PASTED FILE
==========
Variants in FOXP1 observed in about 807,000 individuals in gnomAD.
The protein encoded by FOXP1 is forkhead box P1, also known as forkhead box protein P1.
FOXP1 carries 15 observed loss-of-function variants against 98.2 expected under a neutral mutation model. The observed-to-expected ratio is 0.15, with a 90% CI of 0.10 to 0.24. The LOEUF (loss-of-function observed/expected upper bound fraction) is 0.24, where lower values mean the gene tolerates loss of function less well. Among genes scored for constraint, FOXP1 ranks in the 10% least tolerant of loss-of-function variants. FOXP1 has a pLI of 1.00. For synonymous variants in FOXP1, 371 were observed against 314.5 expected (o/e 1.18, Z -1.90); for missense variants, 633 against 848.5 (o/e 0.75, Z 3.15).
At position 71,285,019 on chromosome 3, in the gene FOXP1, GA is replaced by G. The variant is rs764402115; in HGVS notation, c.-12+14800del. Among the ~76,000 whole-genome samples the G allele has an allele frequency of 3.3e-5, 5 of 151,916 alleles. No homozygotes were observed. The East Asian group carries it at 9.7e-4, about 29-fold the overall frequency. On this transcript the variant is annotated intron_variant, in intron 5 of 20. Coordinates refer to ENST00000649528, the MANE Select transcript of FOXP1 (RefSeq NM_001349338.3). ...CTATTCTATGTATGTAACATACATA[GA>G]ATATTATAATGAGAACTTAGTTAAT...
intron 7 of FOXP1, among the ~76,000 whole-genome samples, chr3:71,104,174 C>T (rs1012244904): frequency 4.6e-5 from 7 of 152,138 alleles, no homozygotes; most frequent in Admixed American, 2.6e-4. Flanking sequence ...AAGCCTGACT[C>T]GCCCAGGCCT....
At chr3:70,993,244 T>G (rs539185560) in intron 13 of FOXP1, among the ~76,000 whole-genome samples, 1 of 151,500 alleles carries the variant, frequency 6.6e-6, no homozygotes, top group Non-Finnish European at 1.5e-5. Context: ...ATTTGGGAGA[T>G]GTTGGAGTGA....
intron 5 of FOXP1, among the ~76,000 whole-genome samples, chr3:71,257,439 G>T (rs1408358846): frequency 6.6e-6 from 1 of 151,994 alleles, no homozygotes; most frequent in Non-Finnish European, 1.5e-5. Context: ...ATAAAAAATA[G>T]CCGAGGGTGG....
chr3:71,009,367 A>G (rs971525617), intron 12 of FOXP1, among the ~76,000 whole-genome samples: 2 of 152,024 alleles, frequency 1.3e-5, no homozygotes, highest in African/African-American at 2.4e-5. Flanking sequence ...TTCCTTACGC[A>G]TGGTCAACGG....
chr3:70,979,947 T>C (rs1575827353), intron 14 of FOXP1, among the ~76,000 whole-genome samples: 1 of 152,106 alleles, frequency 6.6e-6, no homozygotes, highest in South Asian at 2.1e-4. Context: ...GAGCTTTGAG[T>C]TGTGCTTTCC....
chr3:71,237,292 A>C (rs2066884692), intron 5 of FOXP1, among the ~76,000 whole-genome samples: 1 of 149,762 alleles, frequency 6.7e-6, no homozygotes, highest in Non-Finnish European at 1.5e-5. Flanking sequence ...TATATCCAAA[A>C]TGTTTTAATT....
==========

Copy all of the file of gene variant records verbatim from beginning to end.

Variants in FOXP1 observed in about 807,000 individuals in gnomAD.
The protein encoded by FOXP1 is forkhead box P1, also known as forkhead box protein P1.
FOXP1 carries 15 observed loss-of-function variants against 98.2 expected under a neutral mutation model. The observed-to-expected ratio is 0.15, with a 90% CI of 0.10 to 0.24. The LOEUF (loss-of-function observed/expected upper bound fraction) is 0.24, where lower values mean the gene tolerates loss of function less well. Among genes scored for constraint, FOXP1 ranks in the 10% least tolerant of loss-of-function variants. FOXP1 has a pLI of 1.00. For synonymous variants in FOXP1, 371 were observed against 314.5 expected (o/e 1.18, Z -1.90); for missense variants, 633 against 848.5 (o/e 0.75, Z 3.15).
At position 71,285,019 on chromosome 3, in the gene FOXP1, GA is replaced by G. The variant is rs764402115; in HGVS notation, c.-12+14800del. Among the ~76,000 whole-genome samples the G allele has an allele frequency of 3.3e-5, 5 of 151,916 alleles. No homozygotes were observed. The East Asian group carries it at 9.7e-4, about 29-fold the overall frequency. On this transcript the variant is annotated intron_variant, in intron 5 of 20. Coordinates refer to ENST00000649528, the MANE Select transcript of FOXP1 (RefSeq NM_001349338.3). ...CTATTCTATGTATGTAACATACATA[GA>G]ATATTATAATGAGAACTTAGTTAAT...
intron 7 of FOXP1, among the ~76,000 whole-genome samples, chr3:71,104,174 C>T (rs1012244904): frequency 4.6e-5 from 7 of 152,138 alleles, no homozygotes; most frequent in Admixed American, 2.6e-4. Flanking sequence ...AAGCCTGACT[C>T]GCCCAGGCCT....
At chr3:70,993,244 T>G (rs539185560) in intron 13 of FOXP1, among the ~76,000 whole-genome samples, 1 of 151,500 alleles carries the variant, frequency 6.6e-6, no homozygotes, top group Non-Finnish European at 1.5e-5. Context: ...ATTTGGGAGA[T>G]GTTGGAGTGA....
intron 5 of FOXP1, among the ~76,000 whole-genome samples, chr3:71,257,439 G>T (rs1408358846): frequency 6.6e-6 from 1 of 151,994 alleles, no homozygotes; most frequent in Non-Finnish European, 1.5e-5. Context: ...ATAAAAAATA[G>T]CCGAGGGTGG....
chr3:71,009,367 A>G (rs971525617), intron 12 of FOXP1, among the ~76,000 whole-genome samples: 2 of 152,024 alleles, frequency 1.3e-5, no homozygotes, highest in African/African-American at 2.4e-5. Flanking sequence ...TTCCTTACGC[A>G]TGGTCAACGG....
chr3:70,979,947 T>C (rs1575827353), intron 14 of FOXP1, among the ~76,000 whole-genome samples: 1 of 152,106 alleles, frequency 6.6e-6, no homozygotes, highest in South Asian at 2.1e-4. Context: ...GAGCTTTGAG[T>C]TGTGCTTTCC....
chr3:71,237,292 A>C (rs2066884692), intron 5 of FOXP1, among the ~76,000 whole-genome samples: 1 of 149,762 alleles, frequency 6.7e-6, no homozygotes, highest in Non-Finnish European at 1.5e-5. Flanking sequence ...TATATCCAAA[A>C]TGTTTTAATT....